Relations between lifestyle-related factors and sick leave are well studied. In previous research, a relation between obesity and sick leave was found, especially with long-term sick leave (Alavinia et al. 2009b; Neovius et al. 2009; Robroek et al. 2011; Van Duijvenbode et al. 2009). Concerning productivity loss at work less evidence is available on the specific role of lifestyle-related factors. We observed an association between insufficient vigorous physical activity and more than 30 % productivity loss at work. However, this association was found only among better educated employees. A possible explanation might be found in the role of physical activity to reduce perceived stress. Vigorous physical activity may be a method to release stress in mentally demanding jobs and thereby decrease productivity loss at work (Hansen et al. 2010). It might be an interesting topic for future research to study whether physical activity buffers the relation between job demands and productivity loss at work in different types of work.

Limitations

Firstly, participation levels differed between companies, partly because three companies had restricted the maximum participation. However, baseline participation levels (ranging from 36 to 61 %) in the other companies without restrictions were comparable with other studies on health promotion programs at the worksite, and in a systematic review, no evidence was found for selective participation concerning health or lifestyle indicators (Robroek et al. 2009). Secondly, subjective single measures of productivity loss at work and sick leave were used. There is ongoing discussion on how to measure productivity loss at work in a reliable and valid way (Koopmanschap et al. 2005; Zhang et al. 2011). Objective measures of productivity loss at work are rarely available, and the quantity question of the QQ method was associated with objective work output among floor layers (r = 0.48). A disadvantage of this method is that productivity loss is assessed during the previous regular workday and does not take into account the expected fluctuations in productivity loss within workers across workdays. Thirdly, as we described in the results, there is selective loss to follow-up. However, no selective loss to follow-up was found in the outcome measures. Fourthly, sickness absence has a multifactorial nature. Although we adjusted for several factors in the analyses, there may be confounders that were not taken into account. Last, self-reported health was measured with a single item. In a recent study, the reliability of the often used single question for general self-reported health was discussed. It was suggested that dichotomization may be a useful strategy for increasing the reliability of the measure in the total population (Zajacova and Dowd 2011).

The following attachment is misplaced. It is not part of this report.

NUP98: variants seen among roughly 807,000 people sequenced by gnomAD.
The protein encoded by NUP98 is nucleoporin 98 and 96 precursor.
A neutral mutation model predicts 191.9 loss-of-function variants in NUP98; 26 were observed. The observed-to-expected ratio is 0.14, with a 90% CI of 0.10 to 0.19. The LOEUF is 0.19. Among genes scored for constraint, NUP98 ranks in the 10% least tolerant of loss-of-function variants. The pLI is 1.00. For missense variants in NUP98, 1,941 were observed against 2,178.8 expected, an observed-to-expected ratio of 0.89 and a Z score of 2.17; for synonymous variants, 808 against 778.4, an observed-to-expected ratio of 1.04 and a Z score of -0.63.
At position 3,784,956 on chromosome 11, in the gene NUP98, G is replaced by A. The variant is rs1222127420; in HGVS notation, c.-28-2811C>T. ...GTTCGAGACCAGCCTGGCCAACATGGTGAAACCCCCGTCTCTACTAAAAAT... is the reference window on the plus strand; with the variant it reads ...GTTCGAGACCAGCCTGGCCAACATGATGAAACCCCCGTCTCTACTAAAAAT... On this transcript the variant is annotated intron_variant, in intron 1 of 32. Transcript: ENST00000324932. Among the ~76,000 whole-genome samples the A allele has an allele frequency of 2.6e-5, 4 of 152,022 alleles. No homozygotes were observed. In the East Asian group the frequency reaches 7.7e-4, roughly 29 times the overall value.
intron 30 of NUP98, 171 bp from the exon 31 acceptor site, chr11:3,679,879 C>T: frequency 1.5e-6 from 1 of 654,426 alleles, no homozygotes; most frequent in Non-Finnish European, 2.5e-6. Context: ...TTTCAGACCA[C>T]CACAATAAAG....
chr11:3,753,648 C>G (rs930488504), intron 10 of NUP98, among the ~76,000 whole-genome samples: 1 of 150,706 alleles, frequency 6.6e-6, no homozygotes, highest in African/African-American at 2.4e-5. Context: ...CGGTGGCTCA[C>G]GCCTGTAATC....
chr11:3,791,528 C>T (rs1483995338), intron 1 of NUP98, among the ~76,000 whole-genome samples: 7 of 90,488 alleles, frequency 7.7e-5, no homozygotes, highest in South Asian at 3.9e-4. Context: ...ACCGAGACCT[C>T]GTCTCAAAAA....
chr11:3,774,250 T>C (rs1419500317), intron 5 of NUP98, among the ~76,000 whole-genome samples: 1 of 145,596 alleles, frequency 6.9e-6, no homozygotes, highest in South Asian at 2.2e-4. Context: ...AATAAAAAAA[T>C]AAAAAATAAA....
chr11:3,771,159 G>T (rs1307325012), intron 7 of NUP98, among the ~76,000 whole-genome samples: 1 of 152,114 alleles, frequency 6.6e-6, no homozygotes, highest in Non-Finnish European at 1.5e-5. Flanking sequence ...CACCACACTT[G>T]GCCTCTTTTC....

Conclusion

In conclusion, educational differences were observed in productivity loss at work and sick leave. These differences could hardly be assigned to health. Work-related and lifestyle-related factors did attenuate the association between low education and sick leave, but did not influence the association between educational level and productivity loss at work. These educational differences in sick leave prompt for interventions that address behavioral aspects as well as work-related and lifestyle-related factors.

Acknowledgments

This work was supported by ZonMw, The Netherlands Organization for Health Research and Development (grant number 62300039). Trial registration: Current Controlled Trials ISRCTN52854353.

Conflict of interest

The authors declare that they have no competing interests.

Open Access

This article is distributed under the terms of the Creative Commons Attribution License which permits any use, distribution, and reproduction in any medium, provided the original author(s) and the source are credited.

Copyright information

© The Author(s) 2012

Authors and Affiliations

  • Suzan J. W. Robroek
    • 1
  • Frank J. van Lenthe
    • 1
  • Alex Burdorf
    • 1
  1. 1.Department of Public HealthErasmus MC, University Medical Center RotterdamRotterdamThe Netherlands